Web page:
Interestingly the school has about 6,919 titles – many of which are older and in poor shape. If I showed you the science collection, you’d be grasping your chest and staggering around. Students seem desperate to read and need lots of guidance in making choices. They were accustomed to choosing from baskets by series.  With no assistant, I’ll be hopping to keep these 500 students’ needs met. I’m excited at the challenge and the opportunity to provide multiple hands-on activities in the library while students are there one hour each.

In addition, I’m in charge of text books and new STEM materials, web pages, the conversion to web-based Accelerated Reader, and a few tiny activities. I won’t be bored this year.

Library Cards

  • Posted on August 30, 2011 at 1:31 AM

Middle School spoiled me with their fancy ID machines that printed ID badges to use as library cards. Now that I’m back in elementary I’m doing what thousands of you have done. Printing out barcodes;  attaching them to paper cards, adding in all the information the school needs to see like ZPD’s, Internet Permission status, room #, teacher, AR login names, etc.; cutting them out; laminating them; cutting them out again; and then distributing them.

If only the barcode printouts would have aligned right on the labels! Instead, my team of friends helped me cut out the barcodes, glue them on the photocopied bar code sheets, then continued the process. Ken was our photographer and also the one glueing 500 plus labels.  He had these tiny labels laid out upside down on the table despite the fans, cats, and 8 dogs in the house.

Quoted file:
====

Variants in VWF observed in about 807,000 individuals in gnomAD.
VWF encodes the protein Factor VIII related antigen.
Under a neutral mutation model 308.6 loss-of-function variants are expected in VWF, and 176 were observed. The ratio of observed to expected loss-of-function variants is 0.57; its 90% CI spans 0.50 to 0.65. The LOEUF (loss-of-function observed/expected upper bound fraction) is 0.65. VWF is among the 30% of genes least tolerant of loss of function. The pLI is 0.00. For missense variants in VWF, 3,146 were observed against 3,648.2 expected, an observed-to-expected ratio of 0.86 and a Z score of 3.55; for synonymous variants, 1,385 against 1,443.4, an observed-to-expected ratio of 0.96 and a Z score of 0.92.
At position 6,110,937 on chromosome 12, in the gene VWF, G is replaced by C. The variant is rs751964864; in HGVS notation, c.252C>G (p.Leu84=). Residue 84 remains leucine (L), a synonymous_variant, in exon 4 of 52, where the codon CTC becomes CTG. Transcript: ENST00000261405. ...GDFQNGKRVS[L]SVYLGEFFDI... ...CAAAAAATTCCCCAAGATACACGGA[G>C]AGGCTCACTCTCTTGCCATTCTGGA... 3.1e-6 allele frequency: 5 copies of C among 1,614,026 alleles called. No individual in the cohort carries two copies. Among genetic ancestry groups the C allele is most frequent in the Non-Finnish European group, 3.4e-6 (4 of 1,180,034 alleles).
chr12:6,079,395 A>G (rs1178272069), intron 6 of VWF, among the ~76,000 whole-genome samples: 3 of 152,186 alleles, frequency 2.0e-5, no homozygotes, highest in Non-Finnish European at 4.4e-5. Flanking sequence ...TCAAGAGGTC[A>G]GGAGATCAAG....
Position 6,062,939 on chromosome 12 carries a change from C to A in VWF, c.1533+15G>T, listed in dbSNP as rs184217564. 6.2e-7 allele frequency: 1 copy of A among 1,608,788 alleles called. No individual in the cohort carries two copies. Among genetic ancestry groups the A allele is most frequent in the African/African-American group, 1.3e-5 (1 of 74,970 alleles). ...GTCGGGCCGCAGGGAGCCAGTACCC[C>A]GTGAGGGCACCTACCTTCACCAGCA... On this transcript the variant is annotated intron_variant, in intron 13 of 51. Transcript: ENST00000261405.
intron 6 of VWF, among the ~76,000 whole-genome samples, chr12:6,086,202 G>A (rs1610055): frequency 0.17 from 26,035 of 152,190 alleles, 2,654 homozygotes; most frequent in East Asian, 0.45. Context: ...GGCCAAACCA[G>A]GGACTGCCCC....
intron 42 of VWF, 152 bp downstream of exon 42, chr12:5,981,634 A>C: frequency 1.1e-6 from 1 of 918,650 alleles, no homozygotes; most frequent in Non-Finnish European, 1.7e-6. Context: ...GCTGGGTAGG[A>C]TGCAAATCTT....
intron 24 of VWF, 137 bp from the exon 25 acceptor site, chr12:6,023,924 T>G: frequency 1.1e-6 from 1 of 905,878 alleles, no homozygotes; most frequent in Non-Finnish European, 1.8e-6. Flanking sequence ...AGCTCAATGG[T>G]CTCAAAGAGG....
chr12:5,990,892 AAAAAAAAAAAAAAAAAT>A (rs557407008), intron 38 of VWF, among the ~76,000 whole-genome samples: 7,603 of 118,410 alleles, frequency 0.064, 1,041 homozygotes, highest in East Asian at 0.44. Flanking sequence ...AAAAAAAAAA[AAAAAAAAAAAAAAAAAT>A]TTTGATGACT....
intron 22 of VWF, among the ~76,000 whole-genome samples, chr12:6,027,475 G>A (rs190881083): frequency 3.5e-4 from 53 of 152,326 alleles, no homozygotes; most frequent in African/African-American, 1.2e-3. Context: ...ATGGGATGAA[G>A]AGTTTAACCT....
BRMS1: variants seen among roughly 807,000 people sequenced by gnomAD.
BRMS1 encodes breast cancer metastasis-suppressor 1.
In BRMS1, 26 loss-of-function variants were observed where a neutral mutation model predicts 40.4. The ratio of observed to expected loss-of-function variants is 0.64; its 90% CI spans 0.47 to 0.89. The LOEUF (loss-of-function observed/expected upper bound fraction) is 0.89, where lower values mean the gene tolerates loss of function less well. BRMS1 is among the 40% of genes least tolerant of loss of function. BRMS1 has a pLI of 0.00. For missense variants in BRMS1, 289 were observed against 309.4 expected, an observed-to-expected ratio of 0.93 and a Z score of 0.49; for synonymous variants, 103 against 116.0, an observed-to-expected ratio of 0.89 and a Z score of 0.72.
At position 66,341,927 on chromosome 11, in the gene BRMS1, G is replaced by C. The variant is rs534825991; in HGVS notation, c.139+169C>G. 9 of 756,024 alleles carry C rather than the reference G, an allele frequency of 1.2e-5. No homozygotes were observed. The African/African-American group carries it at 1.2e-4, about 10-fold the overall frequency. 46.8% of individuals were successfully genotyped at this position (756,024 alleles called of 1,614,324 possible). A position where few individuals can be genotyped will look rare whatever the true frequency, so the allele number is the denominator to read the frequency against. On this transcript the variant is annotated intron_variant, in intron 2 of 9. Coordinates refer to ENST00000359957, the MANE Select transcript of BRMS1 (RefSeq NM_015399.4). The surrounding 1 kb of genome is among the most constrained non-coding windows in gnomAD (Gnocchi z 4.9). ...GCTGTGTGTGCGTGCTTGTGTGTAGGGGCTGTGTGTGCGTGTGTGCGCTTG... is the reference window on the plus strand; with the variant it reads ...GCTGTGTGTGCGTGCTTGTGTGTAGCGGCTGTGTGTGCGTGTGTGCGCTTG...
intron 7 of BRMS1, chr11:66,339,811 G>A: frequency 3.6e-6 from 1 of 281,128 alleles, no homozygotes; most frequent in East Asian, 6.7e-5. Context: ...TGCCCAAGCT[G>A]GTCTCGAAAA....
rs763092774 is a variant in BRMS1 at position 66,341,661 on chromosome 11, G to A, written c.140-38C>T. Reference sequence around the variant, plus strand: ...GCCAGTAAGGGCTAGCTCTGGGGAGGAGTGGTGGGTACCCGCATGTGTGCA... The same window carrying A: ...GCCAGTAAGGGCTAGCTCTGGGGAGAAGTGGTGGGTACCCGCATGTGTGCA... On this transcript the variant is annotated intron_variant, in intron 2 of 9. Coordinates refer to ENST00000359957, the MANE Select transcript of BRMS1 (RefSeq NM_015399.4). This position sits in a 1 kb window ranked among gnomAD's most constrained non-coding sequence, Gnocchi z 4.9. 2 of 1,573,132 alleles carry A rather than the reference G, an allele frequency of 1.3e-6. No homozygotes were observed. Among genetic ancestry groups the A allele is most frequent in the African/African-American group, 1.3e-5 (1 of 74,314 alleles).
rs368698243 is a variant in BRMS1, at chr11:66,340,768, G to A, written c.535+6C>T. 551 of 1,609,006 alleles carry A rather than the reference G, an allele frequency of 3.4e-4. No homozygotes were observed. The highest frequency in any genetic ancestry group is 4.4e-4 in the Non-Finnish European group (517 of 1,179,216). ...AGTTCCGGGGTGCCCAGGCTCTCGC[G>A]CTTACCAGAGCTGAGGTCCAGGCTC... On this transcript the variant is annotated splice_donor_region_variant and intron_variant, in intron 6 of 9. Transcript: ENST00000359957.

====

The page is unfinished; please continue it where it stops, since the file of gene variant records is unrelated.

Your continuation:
Brian controlled the paper cutter. Jimmy organized and cut out all those tiny barcodes.  Carefully being sure the barcodes fell upside down so Ken could glue and Jimmy could attach.

I informed them that I was the supervisor. LOL! I did a little bit of all of their jobs, but then sorted all the cards into grade level piles, sorted through cut paper to claim the edges for bookmarks, and then cut all the tiny scraps into confetti sized pieces so we would have colorful material for collages. Nothing was wasted and now I have supplies for more projects.

Guess how many hours it took to do this?! I’m still recording information at school on the cards before laminating. One of our problems is that class sizes vary so much from those anticipated at the beginning of the year that six weeks into the school year, some teachers will change schools, grade levels, and classes. Students will be shuffled to balance the loads. So if I record the homeroom and teacher now, it may change next week.

I haven’t determined our mobility rate but at two of the other schools in the district it was over 35%. So I have already printed another 200 cards. One of my friends suggested he bring over his friends who are thinking about becoming teachers so they can experience the behind the scenes experience of teacher prepping. I did mention to them that we’d be cutting out cat and dog shapes next and all three of them groaned!